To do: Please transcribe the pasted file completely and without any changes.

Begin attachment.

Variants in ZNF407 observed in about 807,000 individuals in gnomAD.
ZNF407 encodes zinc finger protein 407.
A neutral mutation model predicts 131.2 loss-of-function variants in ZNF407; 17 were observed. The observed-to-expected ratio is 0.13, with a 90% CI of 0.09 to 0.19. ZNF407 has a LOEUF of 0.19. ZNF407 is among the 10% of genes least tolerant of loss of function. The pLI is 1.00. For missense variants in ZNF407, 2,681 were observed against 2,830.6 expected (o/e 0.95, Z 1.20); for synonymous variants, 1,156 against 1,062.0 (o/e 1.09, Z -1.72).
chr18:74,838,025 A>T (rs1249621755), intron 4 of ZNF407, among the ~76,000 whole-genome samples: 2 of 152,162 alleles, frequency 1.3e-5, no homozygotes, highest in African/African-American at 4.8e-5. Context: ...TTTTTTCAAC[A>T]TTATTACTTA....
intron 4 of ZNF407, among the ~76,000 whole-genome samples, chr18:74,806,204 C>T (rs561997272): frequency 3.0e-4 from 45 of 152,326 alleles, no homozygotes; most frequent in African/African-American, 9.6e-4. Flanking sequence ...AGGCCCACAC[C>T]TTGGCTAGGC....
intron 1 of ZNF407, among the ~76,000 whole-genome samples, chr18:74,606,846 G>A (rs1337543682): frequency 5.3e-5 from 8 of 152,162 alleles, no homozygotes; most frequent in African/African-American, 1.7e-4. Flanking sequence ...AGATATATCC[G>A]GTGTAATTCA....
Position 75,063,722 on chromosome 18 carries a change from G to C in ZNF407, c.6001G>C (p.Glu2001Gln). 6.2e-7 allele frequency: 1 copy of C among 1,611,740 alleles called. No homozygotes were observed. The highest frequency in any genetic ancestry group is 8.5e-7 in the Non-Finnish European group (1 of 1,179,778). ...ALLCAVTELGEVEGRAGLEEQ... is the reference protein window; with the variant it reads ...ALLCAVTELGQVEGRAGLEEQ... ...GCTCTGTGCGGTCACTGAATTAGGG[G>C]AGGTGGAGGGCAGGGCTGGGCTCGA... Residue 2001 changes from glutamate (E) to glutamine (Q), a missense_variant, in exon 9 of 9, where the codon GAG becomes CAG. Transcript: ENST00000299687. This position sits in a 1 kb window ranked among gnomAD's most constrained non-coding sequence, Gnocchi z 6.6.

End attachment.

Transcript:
Variants in ZNF407 observed in about 807,000 individuals in gnomAD.
ZNF407 encodes zinc finger protein 407.
A neutral mutation model predicts 131.2 loss-of-function variants in ZNF407; 17 were observed. The observed-to-expected ratio is 0.13, with a 90% CI of 0.09 to 0.19. ZNF407 has a LOEUF of 0.19. ZNF407 is among the 10% of genes least tolerant of loss of function. The pLI is 1.00. For missense variants in ZNF407, 2,681 were observed against 2,830.6 expected (o/e 0.95, Z 1.20); for synonymous variants, 1,156 against 1,062.0 (o/e 1.09, Z -1.72).
chr18:74,838,025 A>T (rs1249621755), intron 4 of ZNF407, among the ~76,000 whole-genome samples: 2 of 152,162 alleles, frequency 1.3e-5, no homozygotes, highest in African/African-American at 4.8e-5. Context: ...TTTTTTCAAC[A>T]TTATTACTTA....
intron 4 of ZNF407, among the ~76,000 whole-genome samples, chr18:74,806,204 C>T (rs561997272): frequency 3.0e-4 from 45 of 152,326 alleles, no homozygotes; most frequent in African/African-American, 9.6e-4. Flanking sequence ...AGGCCCACAC[C>T]TTGGCTAGGC....
intron 1 of ZNF407, among the ~76,000 whole-genome samples, chr18:74,606,846 G>A (rs1337543682): frequency 5.3e-5 from 8 of 152,162 alleles, no homozygotes; most frequent in African/African-American, 1.7e-4. Flanking sequence ...AGATATATCC[G>A]GTGTAATTCA....
Position 75,063,722 on chromosome 18 carries a change from G to C in ZNF407, c.6001G>C (p.Glu2001Gln). 6.2e-7 allele frequency: 1 copy of C among 1,611,740 alleles called. No homozygotes were observed. The highest frequency in any genetic ancestry group is 8.5e-7 in the Non-Finnish European group (1 of 1,179,778). ...ALLCAVTELGEVEGRAGLEEQ... is the reference protein window; with the variant it reads ...ALLCAVTELGQVEGRAGLEEQ... ...GCTCTGTGCGGTCACTGAATTAGGG[G>C]AGGTGGAGGGCAGGGCTGGGCTCGA... Residue 2001 changes from glutamate (E) to glutamine (Q), a missense_variant, in exon 9 of 9, where the codon GAG becomes CAG. Transcript: ENST00000299687. This position sits in a 1 kb window ranked among gnomAD's most constrained non-coding sequence, Gnocchi z 6.6.